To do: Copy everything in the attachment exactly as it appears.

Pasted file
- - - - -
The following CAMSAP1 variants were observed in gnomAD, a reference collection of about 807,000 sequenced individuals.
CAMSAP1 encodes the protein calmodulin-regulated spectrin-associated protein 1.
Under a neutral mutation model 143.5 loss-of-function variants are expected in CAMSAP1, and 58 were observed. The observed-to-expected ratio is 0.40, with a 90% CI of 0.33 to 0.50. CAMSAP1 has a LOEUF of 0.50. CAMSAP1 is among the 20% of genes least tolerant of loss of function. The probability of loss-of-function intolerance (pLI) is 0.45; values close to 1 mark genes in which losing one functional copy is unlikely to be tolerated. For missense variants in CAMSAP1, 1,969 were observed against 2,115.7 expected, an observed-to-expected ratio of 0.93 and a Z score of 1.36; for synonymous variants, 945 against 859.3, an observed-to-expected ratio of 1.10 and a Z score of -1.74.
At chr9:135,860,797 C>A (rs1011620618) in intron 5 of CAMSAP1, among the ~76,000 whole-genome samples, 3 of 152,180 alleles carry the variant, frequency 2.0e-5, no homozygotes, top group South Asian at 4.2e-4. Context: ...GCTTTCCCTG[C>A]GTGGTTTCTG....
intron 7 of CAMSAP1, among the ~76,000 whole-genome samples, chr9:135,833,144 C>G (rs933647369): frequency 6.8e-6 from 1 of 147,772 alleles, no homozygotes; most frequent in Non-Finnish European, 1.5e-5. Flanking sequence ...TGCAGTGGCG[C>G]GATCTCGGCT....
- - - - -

The following CAMSAP1 variants were observed in gnomAD, a reference collection of about 807,000 sequenced individuals.
CAMSAP1 encodes the protein calmodulin-regulated spectrin-associated protein 1.
Under a neutral mutation model 143.5 loss-of-function variants are expected in CAMSAP1, and 58 were observed. The observed-to-expected ratio is 0.40, with a 90% CI of 0.33 to 0.50. CAMSAP1 has a LOEUF of 0.50. CAMSAP1 is among the 20% of genes least tolerant of loss of function. The probability of loss-of-function intolerance (pLI) is 0.45; values close to 1 mark genes in which losing one functional copy is unlikely to be tolerated. For missense variants in CAMSAP1, 1,969 were observed against 2,115.7 expected, an observed-to-expected ratio of 0.93 and a Z score of 1.36; for synonymous variants, 945 against 859.3, an observed-to-expected ratio of 1.10 and a Z score of -1.74.
At chr9:135,860,797 C>A (rs1011620618) in intron 5 of CAMSAP1, among the ~76,000 whole-genome samples, 3 of 152,180 alleles carry the variant, frequency 2.0e-5, no homozygotes, top group South Asian at 4.2e-4. Context: ...GCTTTCCCTG[C>A]GTGGTTTCTG....
intron 7 of CAMSAP1, among the ~76,000 whole-genome samples, chr9:135,833,144 C>G (rs933647369): frequency 6.8e-6 from 1 of 147,772 alleles, no homozygotes; most frequent in Non-Finnish European, 1.5e-5. Flanking sequence ...TGCAGTGGCG[C>G]GATCTCGGCT....